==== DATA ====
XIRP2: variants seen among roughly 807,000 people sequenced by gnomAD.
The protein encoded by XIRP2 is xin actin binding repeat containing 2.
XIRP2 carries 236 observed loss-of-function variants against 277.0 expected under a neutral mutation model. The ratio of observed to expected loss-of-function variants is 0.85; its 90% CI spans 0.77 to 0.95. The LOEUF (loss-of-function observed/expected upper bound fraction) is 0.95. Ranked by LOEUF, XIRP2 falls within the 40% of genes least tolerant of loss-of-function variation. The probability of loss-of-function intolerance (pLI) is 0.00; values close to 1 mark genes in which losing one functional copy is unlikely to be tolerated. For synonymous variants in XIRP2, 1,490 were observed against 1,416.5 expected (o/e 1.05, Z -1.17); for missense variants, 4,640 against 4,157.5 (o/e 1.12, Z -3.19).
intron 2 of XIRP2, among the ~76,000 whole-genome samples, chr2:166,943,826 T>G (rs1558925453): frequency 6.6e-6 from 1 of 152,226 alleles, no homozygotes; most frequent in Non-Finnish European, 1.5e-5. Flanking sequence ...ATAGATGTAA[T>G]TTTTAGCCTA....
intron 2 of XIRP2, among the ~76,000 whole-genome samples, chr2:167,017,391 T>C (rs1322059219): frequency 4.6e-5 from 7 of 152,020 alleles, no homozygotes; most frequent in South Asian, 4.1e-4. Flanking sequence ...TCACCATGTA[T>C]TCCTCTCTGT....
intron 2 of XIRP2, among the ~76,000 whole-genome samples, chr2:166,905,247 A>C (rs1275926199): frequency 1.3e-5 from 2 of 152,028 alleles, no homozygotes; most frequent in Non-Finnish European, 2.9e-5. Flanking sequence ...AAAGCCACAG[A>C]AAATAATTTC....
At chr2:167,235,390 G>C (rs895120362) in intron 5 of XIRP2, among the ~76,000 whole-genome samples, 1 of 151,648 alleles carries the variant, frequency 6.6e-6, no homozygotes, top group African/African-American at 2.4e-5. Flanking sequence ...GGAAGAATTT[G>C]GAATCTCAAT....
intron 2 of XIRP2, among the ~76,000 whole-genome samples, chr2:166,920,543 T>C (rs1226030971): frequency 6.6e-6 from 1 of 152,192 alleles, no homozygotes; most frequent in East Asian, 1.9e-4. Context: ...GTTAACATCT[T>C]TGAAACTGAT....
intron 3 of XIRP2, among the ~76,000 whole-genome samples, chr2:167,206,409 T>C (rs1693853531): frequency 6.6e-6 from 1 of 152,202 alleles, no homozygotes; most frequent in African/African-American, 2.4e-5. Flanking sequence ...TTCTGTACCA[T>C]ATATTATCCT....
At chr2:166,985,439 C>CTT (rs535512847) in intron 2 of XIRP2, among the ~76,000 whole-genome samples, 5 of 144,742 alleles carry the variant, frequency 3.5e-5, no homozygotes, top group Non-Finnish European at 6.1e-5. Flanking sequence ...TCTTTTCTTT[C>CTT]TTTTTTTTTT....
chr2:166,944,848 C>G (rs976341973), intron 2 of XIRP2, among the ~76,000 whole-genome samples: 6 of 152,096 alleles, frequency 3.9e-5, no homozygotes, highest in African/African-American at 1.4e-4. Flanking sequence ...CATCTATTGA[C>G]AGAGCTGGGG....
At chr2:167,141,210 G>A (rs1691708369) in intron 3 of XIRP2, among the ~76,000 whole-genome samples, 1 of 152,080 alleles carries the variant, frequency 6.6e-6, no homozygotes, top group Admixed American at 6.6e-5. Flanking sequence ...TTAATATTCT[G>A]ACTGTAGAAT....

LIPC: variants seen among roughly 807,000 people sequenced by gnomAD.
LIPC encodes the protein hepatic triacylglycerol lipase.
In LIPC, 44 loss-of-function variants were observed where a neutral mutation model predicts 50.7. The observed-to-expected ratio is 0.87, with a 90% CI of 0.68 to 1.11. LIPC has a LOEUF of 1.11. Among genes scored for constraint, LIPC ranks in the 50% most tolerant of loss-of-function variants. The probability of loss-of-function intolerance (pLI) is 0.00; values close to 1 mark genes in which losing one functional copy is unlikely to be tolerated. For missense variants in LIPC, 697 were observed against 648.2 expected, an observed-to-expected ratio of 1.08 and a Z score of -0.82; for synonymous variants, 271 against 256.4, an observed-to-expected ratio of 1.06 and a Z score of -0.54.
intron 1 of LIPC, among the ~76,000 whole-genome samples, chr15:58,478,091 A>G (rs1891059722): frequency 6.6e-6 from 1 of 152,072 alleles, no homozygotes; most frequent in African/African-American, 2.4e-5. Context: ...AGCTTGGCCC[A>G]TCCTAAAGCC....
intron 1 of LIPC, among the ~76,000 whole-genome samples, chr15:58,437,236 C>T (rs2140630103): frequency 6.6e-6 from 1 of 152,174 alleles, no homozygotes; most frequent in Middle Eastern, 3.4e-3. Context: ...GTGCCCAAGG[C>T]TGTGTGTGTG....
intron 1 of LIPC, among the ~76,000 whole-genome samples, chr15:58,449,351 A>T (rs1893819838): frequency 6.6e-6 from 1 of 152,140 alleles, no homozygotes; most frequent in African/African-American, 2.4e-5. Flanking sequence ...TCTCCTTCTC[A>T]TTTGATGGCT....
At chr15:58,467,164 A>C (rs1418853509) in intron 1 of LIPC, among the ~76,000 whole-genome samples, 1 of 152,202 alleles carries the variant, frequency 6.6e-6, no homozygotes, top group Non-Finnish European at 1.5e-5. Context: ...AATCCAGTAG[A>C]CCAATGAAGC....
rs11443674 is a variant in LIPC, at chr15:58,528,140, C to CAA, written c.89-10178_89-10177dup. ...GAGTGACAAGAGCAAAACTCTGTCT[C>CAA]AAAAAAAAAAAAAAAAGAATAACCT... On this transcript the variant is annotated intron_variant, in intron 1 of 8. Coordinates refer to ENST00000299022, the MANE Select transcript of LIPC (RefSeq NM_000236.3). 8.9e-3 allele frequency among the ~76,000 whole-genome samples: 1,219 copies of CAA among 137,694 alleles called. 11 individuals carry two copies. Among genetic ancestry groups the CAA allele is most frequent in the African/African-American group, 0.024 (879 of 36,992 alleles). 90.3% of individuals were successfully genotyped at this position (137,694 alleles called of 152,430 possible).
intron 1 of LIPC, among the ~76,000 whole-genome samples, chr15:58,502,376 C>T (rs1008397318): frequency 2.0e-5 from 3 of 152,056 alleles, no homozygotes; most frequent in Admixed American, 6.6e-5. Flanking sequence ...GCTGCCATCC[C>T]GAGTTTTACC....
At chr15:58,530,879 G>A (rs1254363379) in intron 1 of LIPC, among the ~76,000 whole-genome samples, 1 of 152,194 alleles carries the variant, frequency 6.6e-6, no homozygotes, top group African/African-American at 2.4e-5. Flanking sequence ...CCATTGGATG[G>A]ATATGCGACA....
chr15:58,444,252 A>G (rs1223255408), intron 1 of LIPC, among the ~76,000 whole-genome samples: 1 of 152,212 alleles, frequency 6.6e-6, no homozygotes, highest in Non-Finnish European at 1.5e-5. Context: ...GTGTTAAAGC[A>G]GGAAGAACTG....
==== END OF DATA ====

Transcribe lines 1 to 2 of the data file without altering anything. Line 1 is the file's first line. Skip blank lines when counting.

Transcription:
XIRP2: variants seen among roughly 807,000 people sequenced by gnomAD.
The protein encoded by XIRP2 is xin actin binding repeat containing 2.